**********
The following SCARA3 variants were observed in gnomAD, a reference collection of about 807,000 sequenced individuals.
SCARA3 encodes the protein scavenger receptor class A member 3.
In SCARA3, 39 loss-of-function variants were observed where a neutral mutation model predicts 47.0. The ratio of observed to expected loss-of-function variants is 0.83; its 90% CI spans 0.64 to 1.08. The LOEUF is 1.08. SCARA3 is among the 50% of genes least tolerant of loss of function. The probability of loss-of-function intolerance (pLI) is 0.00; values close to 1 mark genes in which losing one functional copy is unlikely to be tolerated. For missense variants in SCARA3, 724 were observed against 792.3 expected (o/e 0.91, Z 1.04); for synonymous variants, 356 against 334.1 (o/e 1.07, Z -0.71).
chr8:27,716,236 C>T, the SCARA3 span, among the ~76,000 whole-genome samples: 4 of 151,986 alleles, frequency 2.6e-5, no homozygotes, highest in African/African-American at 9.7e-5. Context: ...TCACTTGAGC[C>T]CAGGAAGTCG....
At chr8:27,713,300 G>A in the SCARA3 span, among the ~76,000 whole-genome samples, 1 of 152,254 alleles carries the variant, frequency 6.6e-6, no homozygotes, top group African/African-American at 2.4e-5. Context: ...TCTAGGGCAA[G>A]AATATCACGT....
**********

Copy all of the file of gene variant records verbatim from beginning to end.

The following SCARA3 variants were observed in gnomAD, a reference collection of about 807,000 sequenced individuals.
SCARA3 encodes the protein scavenger receptor class A member 3.
In SCARA3, 39 loss-of-function variants were observed where a neutral mutation model predicts 47.0. The ratio of observed to expected loss-of-function variants is 0.83; its 90% CI spans 0.64 to 1.08. The LOEUF is 1.08. SCARA3 is among the 50% of genes least tolerant of loss of function. The probability of loss-of-function intolerance (pLI) is 0.00; values close to 1 mark genes in which losing one functional copy is unlikely to be tolerated. For missense variants in SCARA3, 724 were observed against 792.3 expected (o/e 0.91, Z 1.04); for synonymous variants, 356 against 334.1 (o/e 1.07, Z -0.71).
chr8:27,716,236 C>T, the SCARA3 span, among the ~76,000 whole-genome samples: 4 of 151,986 alleles, frequency 2.6e-5, no homozygotes, highest in African/African-American at 9.7e-5. Context: ...TCACTTGAGC[C>T]CAGGAAGTCG....
At chr8:27,713,300 G>A in the SCARA3 span, among the ~76,000 whole-genome samples, 1 of 152,254 alleles carries the variant, frequency 6.6e-6, no homozygotes, top group African/African-American at 2.4e-5. Context: ...TCTAGGGCAA[G>A]AATATCACGT....